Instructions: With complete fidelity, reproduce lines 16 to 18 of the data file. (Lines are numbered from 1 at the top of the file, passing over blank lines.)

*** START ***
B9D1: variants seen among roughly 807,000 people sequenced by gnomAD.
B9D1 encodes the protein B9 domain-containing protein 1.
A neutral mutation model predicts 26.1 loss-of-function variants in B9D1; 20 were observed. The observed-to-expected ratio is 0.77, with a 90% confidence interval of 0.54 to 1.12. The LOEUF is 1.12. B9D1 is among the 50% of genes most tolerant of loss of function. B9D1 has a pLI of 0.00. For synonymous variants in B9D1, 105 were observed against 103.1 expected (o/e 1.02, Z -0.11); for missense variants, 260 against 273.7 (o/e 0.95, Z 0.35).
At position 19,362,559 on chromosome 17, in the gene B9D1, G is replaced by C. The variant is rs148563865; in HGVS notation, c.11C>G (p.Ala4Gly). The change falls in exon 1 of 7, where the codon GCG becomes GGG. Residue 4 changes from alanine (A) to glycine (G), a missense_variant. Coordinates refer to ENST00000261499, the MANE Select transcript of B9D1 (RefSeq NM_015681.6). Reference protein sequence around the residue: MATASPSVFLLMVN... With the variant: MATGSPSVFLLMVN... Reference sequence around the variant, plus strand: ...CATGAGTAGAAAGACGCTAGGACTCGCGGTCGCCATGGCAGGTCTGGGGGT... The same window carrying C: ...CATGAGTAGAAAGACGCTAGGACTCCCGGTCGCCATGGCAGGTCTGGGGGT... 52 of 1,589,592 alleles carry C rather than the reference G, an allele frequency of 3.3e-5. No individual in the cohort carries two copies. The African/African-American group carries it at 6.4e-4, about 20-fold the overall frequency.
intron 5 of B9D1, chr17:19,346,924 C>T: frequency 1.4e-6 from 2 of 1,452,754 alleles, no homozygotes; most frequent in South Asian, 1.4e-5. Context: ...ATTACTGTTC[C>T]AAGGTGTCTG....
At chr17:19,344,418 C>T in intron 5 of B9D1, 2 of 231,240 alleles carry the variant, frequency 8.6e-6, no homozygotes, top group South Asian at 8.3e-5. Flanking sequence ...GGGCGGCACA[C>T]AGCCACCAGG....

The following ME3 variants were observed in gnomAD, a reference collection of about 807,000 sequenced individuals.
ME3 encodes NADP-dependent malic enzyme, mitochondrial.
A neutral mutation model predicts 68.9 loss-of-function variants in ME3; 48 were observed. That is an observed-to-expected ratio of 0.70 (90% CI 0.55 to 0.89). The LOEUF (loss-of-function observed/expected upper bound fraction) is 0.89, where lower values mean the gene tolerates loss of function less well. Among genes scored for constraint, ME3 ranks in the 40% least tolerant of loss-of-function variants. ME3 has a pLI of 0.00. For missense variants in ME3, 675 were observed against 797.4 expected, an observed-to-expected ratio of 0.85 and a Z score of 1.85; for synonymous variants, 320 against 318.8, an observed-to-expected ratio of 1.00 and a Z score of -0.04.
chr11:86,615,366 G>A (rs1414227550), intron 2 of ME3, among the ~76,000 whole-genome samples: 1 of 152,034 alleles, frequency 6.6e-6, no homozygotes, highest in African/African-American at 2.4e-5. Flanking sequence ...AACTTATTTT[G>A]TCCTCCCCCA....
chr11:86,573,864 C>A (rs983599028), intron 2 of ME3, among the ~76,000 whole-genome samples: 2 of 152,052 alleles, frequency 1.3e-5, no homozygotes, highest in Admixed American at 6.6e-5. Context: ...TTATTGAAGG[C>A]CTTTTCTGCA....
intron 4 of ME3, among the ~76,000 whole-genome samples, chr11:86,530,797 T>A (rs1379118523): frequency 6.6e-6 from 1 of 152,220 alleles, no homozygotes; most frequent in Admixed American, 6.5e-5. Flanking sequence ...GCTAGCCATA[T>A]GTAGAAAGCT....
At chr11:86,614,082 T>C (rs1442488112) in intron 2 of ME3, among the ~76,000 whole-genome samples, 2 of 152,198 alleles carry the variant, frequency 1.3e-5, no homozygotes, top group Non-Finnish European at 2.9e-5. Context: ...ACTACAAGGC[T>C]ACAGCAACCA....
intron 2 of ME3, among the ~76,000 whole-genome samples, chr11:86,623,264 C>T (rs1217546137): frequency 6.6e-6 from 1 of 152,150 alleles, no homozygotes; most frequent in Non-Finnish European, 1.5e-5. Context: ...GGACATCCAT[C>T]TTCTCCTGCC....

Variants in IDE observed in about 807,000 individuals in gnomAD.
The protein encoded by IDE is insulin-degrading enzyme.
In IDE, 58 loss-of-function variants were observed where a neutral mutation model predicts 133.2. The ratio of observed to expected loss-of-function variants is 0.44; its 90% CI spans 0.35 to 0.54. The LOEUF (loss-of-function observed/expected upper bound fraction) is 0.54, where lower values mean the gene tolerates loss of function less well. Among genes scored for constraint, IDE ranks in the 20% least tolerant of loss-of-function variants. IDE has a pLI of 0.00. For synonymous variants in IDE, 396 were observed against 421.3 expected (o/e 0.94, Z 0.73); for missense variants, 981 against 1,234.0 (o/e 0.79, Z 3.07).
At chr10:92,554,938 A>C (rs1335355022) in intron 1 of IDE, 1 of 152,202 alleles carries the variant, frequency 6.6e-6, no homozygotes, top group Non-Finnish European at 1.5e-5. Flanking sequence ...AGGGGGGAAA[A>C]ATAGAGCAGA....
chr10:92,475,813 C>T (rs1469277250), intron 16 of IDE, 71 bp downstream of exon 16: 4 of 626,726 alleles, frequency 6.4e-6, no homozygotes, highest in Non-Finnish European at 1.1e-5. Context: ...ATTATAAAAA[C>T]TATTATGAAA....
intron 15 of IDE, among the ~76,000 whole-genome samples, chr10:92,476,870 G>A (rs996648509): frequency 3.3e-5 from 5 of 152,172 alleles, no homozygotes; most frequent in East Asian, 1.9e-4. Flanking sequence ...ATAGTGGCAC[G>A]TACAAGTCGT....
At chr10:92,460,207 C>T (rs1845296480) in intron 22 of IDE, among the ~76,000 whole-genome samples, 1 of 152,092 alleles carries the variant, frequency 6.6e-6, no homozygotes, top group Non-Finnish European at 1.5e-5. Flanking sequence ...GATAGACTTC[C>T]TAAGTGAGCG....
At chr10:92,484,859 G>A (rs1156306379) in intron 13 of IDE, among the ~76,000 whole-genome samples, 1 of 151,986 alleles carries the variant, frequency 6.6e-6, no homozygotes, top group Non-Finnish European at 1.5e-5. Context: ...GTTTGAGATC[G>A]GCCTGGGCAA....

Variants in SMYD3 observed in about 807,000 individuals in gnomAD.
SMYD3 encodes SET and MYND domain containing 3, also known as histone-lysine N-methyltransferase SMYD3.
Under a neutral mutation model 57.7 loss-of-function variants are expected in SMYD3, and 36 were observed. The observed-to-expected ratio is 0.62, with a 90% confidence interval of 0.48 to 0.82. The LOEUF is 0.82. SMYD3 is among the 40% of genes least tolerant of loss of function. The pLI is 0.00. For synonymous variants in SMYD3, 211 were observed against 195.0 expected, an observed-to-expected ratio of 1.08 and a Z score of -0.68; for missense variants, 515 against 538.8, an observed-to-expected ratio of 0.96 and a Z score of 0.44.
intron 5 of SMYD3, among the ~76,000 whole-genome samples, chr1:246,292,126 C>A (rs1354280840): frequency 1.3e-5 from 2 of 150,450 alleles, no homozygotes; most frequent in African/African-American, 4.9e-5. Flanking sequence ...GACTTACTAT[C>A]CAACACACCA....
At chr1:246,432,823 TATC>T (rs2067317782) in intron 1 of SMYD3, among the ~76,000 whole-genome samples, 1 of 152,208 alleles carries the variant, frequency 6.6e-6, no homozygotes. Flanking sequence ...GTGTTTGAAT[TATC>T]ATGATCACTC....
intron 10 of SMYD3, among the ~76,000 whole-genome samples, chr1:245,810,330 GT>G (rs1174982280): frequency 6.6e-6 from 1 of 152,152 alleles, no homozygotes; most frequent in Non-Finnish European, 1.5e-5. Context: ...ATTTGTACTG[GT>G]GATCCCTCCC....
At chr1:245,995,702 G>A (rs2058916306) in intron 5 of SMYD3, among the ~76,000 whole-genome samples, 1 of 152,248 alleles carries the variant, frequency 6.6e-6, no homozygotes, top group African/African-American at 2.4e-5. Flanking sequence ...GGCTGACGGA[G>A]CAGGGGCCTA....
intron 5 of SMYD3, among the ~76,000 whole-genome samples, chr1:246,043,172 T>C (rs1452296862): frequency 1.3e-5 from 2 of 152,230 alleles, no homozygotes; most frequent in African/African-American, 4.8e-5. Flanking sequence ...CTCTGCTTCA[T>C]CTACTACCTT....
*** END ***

The protein encoded by IDE is insulin-degrading enzyme.
In IDE, 58 loss-of-function variants were observed where a neutral mutation model predicts 133.2. The ratio of observed to expected loss-of-function variants is 0.44; its 90% CI spans 0.35 to 0.54. The LOEUF (loss-of-function observed/expected upper bound fraction) is 0.54, where lower values mean the gene tolerates loss of function less well. Among genes scored for constraint, IDE ranks in the 20% least tolerant of loss-of-function variants. IDE has a pLI of 0.00. For synonymous variants in IDE, 396 were observed against 421.3 expected (o/e 0.94, Z 0.73); for missense variants, 981 against 1,234.0 (o/e 0.79, Z 3.07).
At chr10:92,554,938 A>C (rs1335355022) in intron 1 of IDE, 1 of 152,202 alleles carries the variant, frequency 6.6e-6, no homozygotes, top group Non-Finnish European at 1.5e-5. Flanking sequence ...AGGGGGGAAA[A>C]ATAGAGCAGA....